Golf is a somewhat time consuming hobby—what can you be found doing to relax and have fun when you are not playing golf?
I like hanging out with my close friends, we usually go out and eat, on the lookout for new restaurants, watching movies. On the weekends my friends like to play other sports like basketball or even archery, I am often up for joining. It is nice to take a day off from golf once in a while to play other sports.

What are your favourite restaurants in Jakarta?
I like Luna Negra, it has some nice Italian food on the menu. I like Japanese food, and Sushi Tei – the chain never fails to disappoint my regular sushi fix. Maruichi Ramen in Plaza Senayan has some really, really good food as well. I am a huge fan of Japanese food.

What books do you enjoy reading?
I prefer non-fiction books, I have read a lot of Bob Rotella’s books, my favourites being: ‘Putting out of your mind’, and ‘Golf is not a game of perfect’. On a non-golfing level: ‘Outliers’ by Malcolm Gladwell was interesting. I don’t read a lot of fiction to be honest.

George Gandranata - CIMB NiagaDid you ever play with or compete against someone at college level who is now surprisingly winning/competing on the PGA Tour?
No one in my UC team in particular, but in my alumni there are several good examples: James Hahn is one of the best strikers of the golf ball I have ever seen in my life. He used to practice at the same facility, he is a good friend, and since joining the PGA Tour he has made a lot of cuts, and seems to be enjoying himself. Also Peter Tomasulo went to UC, he captained a NCAA winning team whilst he was there, he played on the PGA Tour in the past, however he is now playing on the tour. He’s a great guy, with a great game and work ethic and I am sure once he figures things out he will be back playing PGA tour golf.

What do you have for breakfast in the morning?
I love eggs, usually two, either fried or half boiled with some rice. I really enjoy rice in the morning, especially after returning back to Asia. My favourite is the Hawaiian style: Rice, scrambled eggs, ham, bacon or even sausage. It is really tasty.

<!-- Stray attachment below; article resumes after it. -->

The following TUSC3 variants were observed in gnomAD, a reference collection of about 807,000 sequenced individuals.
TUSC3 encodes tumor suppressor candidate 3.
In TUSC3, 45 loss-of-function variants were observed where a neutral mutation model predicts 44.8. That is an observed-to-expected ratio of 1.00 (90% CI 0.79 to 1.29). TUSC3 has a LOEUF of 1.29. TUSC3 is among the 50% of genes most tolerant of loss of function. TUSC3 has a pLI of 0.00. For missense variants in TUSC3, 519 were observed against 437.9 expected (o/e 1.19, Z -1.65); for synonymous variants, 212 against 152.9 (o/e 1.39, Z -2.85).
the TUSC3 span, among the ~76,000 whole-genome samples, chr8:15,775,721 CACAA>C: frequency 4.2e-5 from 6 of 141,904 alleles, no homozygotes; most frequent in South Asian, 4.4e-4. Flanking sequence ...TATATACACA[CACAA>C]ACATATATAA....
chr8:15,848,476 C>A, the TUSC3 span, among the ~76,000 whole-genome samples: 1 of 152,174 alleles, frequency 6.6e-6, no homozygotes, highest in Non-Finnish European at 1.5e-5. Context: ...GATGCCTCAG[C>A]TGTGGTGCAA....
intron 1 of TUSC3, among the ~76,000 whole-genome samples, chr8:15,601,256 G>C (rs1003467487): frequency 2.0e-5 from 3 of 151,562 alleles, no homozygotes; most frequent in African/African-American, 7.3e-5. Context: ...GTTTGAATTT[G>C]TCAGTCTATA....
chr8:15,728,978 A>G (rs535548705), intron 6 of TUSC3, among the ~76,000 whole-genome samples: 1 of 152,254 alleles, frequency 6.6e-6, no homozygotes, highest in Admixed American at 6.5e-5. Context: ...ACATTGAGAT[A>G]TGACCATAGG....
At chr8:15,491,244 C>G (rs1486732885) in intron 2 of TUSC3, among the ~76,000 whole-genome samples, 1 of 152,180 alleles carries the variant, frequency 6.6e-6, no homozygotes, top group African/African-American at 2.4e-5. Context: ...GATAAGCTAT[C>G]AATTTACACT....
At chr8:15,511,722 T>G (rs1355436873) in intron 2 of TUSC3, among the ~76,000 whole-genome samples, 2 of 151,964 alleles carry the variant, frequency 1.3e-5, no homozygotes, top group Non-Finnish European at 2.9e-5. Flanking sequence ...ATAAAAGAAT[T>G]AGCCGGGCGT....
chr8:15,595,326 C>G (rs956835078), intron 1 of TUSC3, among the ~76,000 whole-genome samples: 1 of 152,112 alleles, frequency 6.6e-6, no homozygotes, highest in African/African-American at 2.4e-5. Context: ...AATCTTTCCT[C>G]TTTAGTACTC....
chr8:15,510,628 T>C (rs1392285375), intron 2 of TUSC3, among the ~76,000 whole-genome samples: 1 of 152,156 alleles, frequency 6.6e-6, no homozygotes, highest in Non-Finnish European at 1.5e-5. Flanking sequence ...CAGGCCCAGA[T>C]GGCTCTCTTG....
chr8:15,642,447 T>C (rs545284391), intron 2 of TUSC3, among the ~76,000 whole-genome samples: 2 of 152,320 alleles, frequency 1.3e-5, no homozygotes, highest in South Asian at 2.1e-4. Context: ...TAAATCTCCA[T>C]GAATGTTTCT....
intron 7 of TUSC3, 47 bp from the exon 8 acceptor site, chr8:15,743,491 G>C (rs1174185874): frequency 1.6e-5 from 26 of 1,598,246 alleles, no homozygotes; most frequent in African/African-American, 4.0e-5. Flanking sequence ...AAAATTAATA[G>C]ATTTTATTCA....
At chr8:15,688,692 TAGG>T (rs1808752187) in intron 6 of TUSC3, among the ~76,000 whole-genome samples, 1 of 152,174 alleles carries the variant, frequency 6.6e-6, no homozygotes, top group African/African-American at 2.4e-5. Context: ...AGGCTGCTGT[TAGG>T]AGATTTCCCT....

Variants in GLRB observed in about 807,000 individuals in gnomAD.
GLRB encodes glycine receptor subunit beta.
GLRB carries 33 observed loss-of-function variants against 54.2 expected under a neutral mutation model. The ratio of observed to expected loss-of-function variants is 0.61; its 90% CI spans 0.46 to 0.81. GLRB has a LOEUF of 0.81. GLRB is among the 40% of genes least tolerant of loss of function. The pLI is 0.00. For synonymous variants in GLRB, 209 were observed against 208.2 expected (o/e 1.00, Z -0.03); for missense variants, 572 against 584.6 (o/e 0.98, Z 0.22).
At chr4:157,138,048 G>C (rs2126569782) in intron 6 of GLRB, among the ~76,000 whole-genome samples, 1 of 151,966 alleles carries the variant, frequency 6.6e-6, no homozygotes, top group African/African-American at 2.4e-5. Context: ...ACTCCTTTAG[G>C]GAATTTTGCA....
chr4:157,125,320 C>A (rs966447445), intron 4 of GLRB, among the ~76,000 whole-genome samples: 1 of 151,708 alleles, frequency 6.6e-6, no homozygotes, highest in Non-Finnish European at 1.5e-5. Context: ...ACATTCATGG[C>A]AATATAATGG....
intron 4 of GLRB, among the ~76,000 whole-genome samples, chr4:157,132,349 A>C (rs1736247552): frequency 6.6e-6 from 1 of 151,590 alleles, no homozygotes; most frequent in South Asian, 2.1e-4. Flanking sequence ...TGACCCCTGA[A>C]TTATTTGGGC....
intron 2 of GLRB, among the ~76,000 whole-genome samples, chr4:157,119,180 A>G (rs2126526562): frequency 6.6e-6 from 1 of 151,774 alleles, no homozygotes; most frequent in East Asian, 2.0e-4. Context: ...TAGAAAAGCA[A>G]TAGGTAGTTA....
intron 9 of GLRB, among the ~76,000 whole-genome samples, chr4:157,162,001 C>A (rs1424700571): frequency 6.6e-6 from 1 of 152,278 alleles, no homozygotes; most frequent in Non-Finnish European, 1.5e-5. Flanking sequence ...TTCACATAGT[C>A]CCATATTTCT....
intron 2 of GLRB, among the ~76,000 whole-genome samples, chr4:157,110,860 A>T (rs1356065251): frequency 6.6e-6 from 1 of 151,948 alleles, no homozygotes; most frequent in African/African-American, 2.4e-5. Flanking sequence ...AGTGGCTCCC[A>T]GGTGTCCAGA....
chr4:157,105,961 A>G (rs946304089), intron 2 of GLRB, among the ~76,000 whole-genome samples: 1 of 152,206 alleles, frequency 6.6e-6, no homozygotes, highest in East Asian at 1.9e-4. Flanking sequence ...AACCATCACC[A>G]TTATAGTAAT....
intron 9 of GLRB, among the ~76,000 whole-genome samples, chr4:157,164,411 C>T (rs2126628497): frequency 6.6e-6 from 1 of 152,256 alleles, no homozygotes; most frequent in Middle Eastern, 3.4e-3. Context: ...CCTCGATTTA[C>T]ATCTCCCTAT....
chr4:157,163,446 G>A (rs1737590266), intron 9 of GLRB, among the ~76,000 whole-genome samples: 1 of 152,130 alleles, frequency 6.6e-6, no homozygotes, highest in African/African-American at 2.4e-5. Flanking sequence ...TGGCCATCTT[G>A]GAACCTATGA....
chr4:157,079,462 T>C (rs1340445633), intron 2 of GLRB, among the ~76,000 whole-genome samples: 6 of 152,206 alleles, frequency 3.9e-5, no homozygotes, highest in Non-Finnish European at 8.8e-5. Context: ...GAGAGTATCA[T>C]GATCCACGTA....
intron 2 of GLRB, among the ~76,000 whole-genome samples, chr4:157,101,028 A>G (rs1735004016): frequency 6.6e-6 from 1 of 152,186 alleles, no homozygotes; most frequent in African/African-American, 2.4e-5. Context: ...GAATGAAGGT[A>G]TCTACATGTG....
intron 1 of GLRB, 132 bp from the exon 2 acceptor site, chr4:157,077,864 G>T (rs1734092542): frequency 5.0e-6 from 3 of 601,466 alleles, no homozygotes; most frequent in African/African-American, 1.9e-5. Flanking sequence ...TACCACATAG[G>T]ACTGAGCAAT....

You are currently playing on the ADT—in search of your Asian Tour card—where do you see yourself professionally in five years time?
I am hoping to be competing on either the Japanese Tour or European Tour in five years. Japan is closer to home, and I feel like my game is more suitable to these tours. The has the reputation as a bombers tour where one has to drive the ball over 300 yards. I have played in the US before, I feel like the European tour would be very exciting and a whole new experience.

Golfers in Indonesia are blessed with the opportunities to play some world-class golf courses designed by the likes of Greg Norman and Gary Player. What is your favourite course to play, for the sheer pleasure of playing golf, say with friends or your dad?
Taman Dayu just outside Surabaya is majestic and beautiful, we played an ADT tour event there last year and the course was in such good condition, a really impressive setup. The other course closer to home is Jagorawi, it is challenging, and it is not affected a lot by modern technology. It’s a very tight course, and it penalises those who can’t hit the ball straight. It’s a great course to determine who is the best in the field.

Thanks for your time George, and good luck for the remainder of the Asian Development Tour season.

About Simon Reynolds

Simon fell in love with the game of golf at an early age. Watching Happy Gilmore when he was 12, Simon was hooked, and to this day thanks Adam Sandler's genius in the film for his passion for the game. His golfing hero is more refined and mature these days, and he continues his spiritual quest to model his golf game on Ben Hogan's perfect golf swing.